Nest: I find sanctuary in the outdoors, a place to rest my busy mind and be more present. I imagine this nest served as a sanctuary for some other delicate beings.
Long Shadows: I never realize how much I miss the sun until I feel its warmth again after many dark days. The return of the sunshine seems to lift everyone’s spirits and brighten our whole community from the outside in.
Carlie is a mental health clinician at South Peninsula Behavioral Health Services and this piece is inspired by the masks we wear that cover our real emotions.
I don’t consider myself an artist, but I love to dance, especially in the form of creative movement, in that it’s based on feeling, and I love to spend time with horses, which is also based on feeling. This project gave me the chance to experience exactly this, which in itself was healing for me in a big way. There were challenges I needed to work through to be able to do this, and which weren’t always easy, but it turned out it was well worth it. Sweetheart is blind from having been beaten when he was a young horse. He now accepts loving people around him, and I get to be one of those people. I couldn’t have known ahead of time how my trying to dance with the horses was going to turn out, how they’d respond, and I couldn’t have even predicted my own response to things ahead of time. So, on the spot, Sweetheart responded to me in the way he did, and we had the interaction we did and the kind of communication we did, which I think I could only have experienced with a blind horse, and in particular, by the name of Sweetheart, and it felt beautiful to me.
It’s now several weeks later, and I’ve had a chance to reflect on this experience. I do believe that having this opportunity to dance with Sweetheart (Devony Lehner’s blind horse, one horse in the herd of four total), and to experiment, through dance, which is what works for me, with trust and with letting go of anxiety and unnecessary tension, while feeling safe with Sweetheart, is something that will help me to be more resilient when challenges come up in the future. I’ve been doing EGE (Equine Guided Education) for a number of years with Devony’s horses, and there have been challenges and lots of growth opportunities.
I want to thank Homer Council on the Arts for opening the window for me to do this project and to Devony Lehner for letting me dance with her horse, Sweetheart, and for videographing it.
I refer to this as my bone year. This year I was in a bicycle accident where I broke several bones in my wrist. During my healing process, I sustained myself mostly on bone broth soup, hungry for its deep and rich fulfillment. Similarly, I have experienced an intense introspective period, going beyond the tissue into the marrow of what had been hidden silently and broken for so long.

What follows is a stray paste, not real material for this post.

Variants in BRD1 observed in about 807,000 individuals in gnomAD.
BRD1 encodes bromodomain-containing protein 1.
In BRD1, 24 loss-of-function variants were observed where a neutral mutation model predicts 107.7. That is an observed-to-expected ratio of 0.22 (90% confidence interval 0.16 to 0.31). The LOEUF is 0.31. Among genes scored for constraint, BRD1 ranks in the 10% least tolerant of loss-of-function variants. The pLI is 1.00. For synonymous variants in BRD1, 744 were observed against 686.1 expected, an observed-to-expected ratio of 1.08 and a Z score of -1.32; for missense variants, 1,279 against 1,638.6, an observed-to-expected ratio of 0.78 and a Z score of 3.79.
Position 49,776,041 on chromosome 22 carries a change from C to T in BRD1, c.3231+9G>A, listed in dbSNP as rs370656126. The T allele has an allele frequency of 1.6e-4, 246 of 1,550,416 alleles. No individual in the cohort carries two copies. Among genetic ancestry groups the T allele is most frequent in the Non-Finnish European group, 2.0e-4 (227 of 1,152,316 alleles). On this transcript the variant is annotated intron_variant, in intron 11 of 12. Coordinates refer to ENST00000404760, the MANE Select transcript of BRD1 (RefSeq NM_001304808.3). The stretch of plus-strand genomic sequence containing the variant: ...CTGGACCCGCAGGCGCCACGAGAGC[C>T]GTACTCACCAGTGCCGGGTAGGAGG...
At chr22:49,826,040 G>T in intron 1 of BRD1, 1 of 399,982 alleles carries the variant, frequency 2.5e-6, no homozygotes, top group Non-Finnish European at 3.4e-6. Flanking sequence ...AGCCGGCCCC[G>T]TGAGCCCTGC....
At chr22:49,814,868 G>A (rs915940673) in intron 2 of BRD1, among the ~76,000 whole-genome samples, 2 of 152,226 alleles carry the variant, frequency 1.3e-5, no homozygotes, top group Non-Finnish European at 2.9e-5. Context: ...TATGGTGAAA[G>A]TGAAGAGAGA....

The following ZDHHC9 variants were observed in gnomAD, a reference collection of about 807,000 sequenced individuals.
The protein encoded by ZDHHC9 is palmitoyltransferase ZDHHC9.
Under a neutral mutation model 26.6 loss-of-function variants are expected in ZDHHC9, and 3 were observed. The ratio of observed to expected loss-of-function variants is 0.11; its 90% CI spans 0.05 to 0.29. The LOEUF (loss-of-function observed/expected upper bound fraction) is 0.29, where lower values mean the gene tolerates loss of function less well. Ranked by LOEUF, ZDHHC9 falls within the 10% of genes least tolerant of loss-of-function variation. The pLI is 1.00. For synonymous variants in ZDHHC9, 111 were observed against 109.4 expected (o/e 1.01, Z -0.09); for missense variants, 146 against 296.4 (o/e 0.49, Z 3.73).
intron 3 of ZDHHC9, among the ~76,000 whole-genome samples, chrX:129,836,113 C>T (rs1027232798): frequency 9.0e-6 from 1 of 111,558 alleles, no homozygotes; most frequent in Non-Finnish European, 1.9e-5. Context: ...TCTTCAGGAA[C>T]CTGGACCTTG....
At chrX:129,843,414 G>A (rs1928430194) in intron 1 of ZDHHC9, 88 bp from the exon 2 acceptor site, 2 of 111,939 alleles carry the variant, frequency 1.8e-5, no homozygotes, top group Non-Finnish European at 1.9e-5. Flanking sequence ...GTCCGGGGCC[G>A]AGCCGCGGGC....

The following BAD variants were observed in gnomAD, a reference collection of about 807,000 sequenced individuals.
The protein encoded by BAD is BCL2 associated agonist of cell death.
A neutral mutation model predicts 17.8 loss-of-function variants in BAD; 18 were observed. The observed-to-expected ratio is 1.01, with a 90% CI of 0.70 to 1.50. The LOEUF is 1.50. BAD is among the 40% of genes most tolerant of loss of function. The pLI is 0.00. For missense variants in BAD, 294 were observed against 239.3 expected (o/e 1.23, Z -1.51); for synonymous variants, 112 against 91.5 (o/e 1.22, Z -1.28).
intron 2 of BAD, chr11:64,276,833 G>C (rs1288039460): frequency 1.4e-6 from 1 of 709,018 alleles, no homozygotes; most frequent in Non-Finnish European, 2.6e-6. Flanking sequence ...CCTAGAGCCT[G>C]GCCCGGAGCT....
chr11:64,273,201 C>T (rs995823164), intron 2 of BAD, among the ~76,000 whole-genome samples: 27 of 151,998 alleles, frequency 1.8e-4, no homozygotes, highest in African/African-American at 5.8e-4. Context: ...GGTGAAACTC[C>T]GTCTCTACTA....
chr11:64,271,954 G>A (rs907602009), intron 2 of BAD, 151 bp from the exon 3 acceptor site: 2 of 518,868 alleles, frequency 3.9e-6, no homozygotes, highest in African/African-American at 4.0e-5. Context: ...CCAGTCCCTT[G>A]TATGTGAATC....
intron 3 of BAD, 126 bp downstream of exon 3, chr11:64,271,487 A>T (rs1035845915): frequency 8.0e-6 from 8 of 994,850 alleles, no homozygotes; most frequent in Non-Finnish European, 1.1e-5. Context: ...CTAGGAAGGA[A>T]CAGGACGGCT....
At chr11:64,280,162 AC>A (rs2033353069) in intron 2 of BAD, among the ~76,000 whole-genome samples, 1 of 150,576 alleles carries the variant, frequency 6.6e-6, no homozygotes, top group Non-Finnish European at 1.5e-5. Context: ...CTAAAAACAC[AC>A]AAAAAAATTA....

This piece is about the experience of sexual assault. It’s about being indoctrinated for so much of my life to remain silent, to view what I experienced as something wrong with myself rather than the society that perpetuates rape culture. It’s an acknowledgement of myself as a victim and perpetrator of this culture. It’s a recognition that the people who have hurt me the most are also broken. It’s the realization of how my personal experience has informed the strength of my resolve, a long journey toward self-worth that has not come simply or quickly. It’s a living document, a process. It’s the sum of the varied pieces integrally strong and beautifully connecting like a quilt.
I’ve written about my experiences extensively throughout the last year. For the first time I have been able to vocalize some of them. The writings about the subject and all the ways it has altered my views of self, others and my sexuality were torn apart, reconstituted into pulp and then used create handmade paper. This quilt is made from that paper and other batches. I utilized handpapermaking as a response, reaction and relief from some of the mental anguish I was experiencing. The work is not done. There’s still a lot of pieces I am trying to stitch together.
The impact of trauma is found to affect one’s genetic code such that behaviors influenced by a traumatic event or process become imprinted, recessive genes become active and are inherited through generations. Behavioral proclivities thus are embedded in the genetic makeup inherited. With dedicated effort such genetic proclivities CAN BE REVERSED.
There are times when we must remove ourselves from our body’s defenses to heal and achieve Wholeness!
Spending time out in nature has a healing effect for the soul. Elements from the natural world carry intentions that speak to the heart. With this assemblage I hope to convey some of those transforming intentions that are a gift from nature’s garden.
Sadie Mae Millard
My name is Sadie Mae Millard, a local artist from Homer, AK. The theme of this year’s art show: recovering from trauma through art, resonated to me regarding my own wellness. My art work speaks volumes to my own personal journey from abuse, how I saw myself then and now, and how art has shown me no matter what I will thrive and not just survive.
Realizations hit- sometimes like lightning. Experiences condense into poetry, pictures into words. A double rainbow, a word-clustering exercise in Beth Graber’s class, a moment under a warm shower, snippets of life.